Video Streaming with Microsoft

Video Streaming’s Rise in the Enterprise

Demand for enterprise video streaming is growing at an exponential pace. According to a survey conducted by Wainhouse Research, 39% of organizations with 500 people or more are producing live webcasts on a weekly basis1, which is up from 35% in 2016.

Number of times per year organization uses live video for business communications—companies with 500 or more employees.1

A number of factors are contributing to video streaming’s rise in the enterprise. For some, the use of video is driven by the organization’s goals. Whether the goal is to save money on travel, increase employee engagement and development, or usher in a digital transformation, video is typically in the strategy mix. Regardless of the goal, it’s an effective way to reach large, geographically dispersed audiences at once. 

Consumer habits are also driving demand. When was the last time you watched a video on the internet or Facebook? (I bet it was within the last half hour!) According to Cisco’s Visual Network Index (VNI) Forecast, 2017-2022, total internet video traffic (business and consumer, combined) will be 80% of all Internet traffic by 2022, up from 70% in 2017.

Video has become—and will continue to be—one of the primary ways we consume information both at home and at work.

Technology Made Easier

Probably one of the most significant drivers is the video streaming technology itself. Video streaming is more reliable, easier to use and less expensive than it once was. A prime example is Microsoft Stream. Included with the Office 365 productivity suite, Microsoft Stream is making it easier than ever to create, share and access video.

Many of our customers tell us they’re using or plan to use Microsoft Stream for live and on-demand video streaming. Some are using Microsoft Stream for everything. While others will use it along with their existing video solutions to meet the various needs of the business. For example, using Microsoft Stream for employee webcasts and separate video players for learning programs and digital signage.

Regardless, Microsoft is garnering a lot of attention with Microsoft Stream. In Wainhouse Research’s Strategies for Streaming Success: Streaming Market in Transition, Steve Vonder Haar takes a close look at the increasingly important role Microsoft is playing in the evolution of enterprise video.

Your Network with Microsoft Video Streaming

Microsoft Stream allows you to upload, organize and share both live and on-demand videos across your organization. But before you unleash the power of Microsoft Stream, you need to consider what it could do to your network.

Video streaming uses a massive amount of bandwidth, and your network probably isn’t sized to handle hundreds or thousands of video streams at one time. Too much video, and your network gets congested. As a result, business-critical applications slow to a snail’s pace. All of a sudden, you have a new set of problems. 

A sluggish network also means poor quality of experience (QoE) for viewers. A little buffering or latency, and employees will complain, or even worse, stop watching altogether. So much for meeting your company’s goals.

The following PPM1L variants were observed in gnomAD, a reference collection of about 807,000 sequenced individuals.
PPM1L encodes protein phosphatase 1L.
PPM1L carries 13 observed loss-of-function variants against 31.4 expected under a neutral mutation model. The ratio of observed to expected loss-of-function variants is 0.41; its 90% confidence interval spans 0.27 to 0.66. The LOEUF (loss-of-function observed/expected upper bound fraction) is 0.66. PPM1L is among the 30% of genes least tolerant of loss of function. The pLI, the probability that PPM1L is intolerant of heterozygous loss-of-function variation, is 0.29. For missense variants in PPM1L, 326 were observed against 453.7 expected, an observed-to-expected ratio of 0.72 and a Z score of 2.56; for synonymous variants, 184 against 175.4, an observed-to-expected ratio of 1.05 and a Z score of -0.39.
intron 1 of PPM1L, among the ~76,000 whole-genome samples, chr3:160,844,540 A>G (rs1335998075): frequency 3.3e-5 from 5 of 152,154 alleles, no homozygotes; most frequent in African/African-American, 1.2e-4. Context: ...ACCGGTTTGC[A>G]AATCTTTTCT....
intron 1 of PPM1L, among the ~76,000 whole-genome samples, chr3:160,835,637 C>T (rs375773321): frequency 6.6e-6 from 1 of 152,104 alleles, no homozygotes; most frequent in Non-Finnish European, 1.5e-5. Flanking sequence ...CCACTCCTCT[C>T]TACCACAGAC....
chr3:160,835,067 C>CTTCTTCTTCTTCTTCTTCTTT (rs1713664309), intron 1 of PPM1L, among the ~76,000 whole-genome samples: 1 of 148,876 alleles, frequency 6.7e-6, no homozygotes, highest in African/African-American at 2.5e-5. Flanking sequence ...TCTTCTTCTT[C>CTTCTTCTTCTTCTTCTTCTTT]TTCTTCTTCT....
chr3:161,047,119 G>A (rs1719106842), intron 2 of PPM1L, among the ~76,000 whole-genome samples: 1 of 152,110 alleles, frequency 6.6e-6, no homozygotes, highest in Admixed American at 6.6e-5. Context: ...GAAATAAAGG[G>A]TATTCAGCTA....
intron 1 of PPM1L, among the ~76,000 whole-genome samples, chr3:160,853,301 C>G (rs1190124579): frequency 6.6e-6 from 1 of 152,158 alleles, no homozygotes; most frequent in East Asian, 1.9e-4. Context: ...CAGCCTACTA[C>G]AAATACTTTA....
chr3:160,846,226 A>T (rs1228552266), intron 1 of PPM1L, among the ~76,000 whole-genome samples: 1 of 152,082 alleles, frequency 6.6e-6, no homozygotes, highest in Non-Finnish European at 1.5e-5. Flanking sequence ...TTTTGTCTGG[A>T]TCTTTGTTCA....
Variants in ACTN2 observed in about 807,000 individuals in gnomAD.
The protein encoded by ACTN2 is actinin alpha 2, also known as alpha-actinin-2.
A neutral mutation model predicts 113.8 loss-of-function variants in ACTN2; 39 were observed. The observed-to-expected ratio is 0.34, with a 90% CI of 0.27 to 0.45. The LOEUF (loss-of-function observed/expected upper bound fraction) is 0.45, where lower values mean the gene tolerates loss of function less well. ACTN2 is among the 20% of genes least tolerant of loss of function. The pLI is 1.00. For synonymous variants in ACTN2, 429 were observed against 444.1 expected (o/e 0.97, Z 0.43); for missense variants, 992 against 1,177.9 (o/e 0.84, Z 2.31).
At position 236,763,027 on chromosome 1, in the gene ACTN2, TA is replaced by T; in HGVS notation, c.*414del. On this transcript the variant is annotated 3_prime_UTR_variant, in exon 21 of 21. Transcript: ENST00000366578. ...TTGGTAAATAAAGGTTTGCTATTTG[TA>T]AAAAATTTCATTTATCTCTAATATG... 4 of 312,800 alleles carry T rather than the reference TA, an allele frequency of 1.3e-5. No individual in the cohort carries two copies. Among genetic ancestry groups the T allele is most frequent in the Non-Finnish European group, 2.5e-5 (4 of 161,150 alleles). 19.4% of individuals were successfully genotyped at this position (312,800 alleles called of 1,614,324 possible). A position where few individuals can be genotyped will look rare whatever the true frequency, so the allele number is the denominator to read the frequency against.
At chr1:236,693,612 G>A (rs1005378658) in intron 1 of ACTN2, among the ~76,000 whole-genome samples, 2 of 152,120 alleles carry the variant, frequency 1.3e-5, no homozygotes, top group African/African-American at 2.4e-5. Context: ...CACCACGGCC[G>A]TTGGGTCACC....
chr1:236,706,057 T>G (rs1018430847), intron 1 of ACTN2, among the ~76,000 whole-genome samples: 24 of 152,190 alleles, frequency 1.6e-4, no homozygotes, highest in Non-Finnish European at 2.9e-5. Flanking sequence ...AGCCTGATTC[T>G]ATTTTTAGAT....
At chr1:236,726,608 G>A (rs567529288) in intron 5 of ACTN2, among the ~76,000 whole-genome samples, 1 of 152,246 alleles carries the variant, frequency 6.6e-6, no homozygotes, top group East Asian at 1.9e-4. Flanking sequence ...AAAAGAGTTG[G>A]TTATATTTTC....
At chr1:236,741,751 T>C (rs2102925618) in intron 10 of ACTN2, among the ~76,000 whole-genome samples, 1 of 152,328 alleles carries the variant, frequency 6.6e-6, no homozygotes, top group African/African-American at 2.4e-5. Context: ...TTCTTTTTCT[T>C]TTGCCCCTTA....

enterprise video streaming
When video streams cross your firewall, they can create network congestion, resulting in a poor viewing experience.

To fix the problem, you have a handful of options, including:

  1. Buy more bandwidth
  2. Tell your internal customers, “no more video streaming”
  3. Wait and see if your network can handle the demand
  4. Deploy an enterprise content delivery network (eCDN)

Since option “1” could decimate IT’s entire 2020 budget, and options “2” and “3” put your job at risk, “4” is the answer. Let me say that again for the people in the back. You need an eCDN if you’re going to get the most out of Microsoft Stream.

An eCDN optimizes the delivery of bandwidth-intensive media on your network. By intelligently routing the flow of video streaming traffic around the network, it minimizes or eliminates congestion to improve network performance. As a result, your audience enjoys less latency and buffering, faster video start times, and an overall higher quality experience.

Ramp’s Approach

Ramp is 100% focused on video distribution behind the firewall. Our eCDN software reduces network congestion created by live video streaming and video-on-demand by 90% or more. It’s integrated with Microsoft Stream, Microsoft Teams, Yammer and Skype Meeting Broadcast.

Unlike our competitors, Ramp offers vendor-neutral multicast and video caching solutions. They deploy entirely behind your firewall on existing infrastructure, scale easily as demand for video streaming grows, and maintain your enterprise security policies. With centralized management, monitoring, and analytics, you get visibility and control over network performance and an uninterrupted, high-quality viewer experience.

>> Learn more about Multicast+

>> Learn more about OmniCache

Building Your Video Streaming Strategy

Want to learn how to make video streaming work better in your workplace? Read Building a Scalable Strategy for Enterprise Video Streaming. In this paper, Wainhouse Research’s Steve Vonder Haar explores how the right technologies can help you leverage the power of video in a way that delivers substantial business impact.

>> Download Wainhouse Research’s whitepaper

1Survey Insight: Enterprise Streaming Viewership and Adoption Trends – North America Q4 2019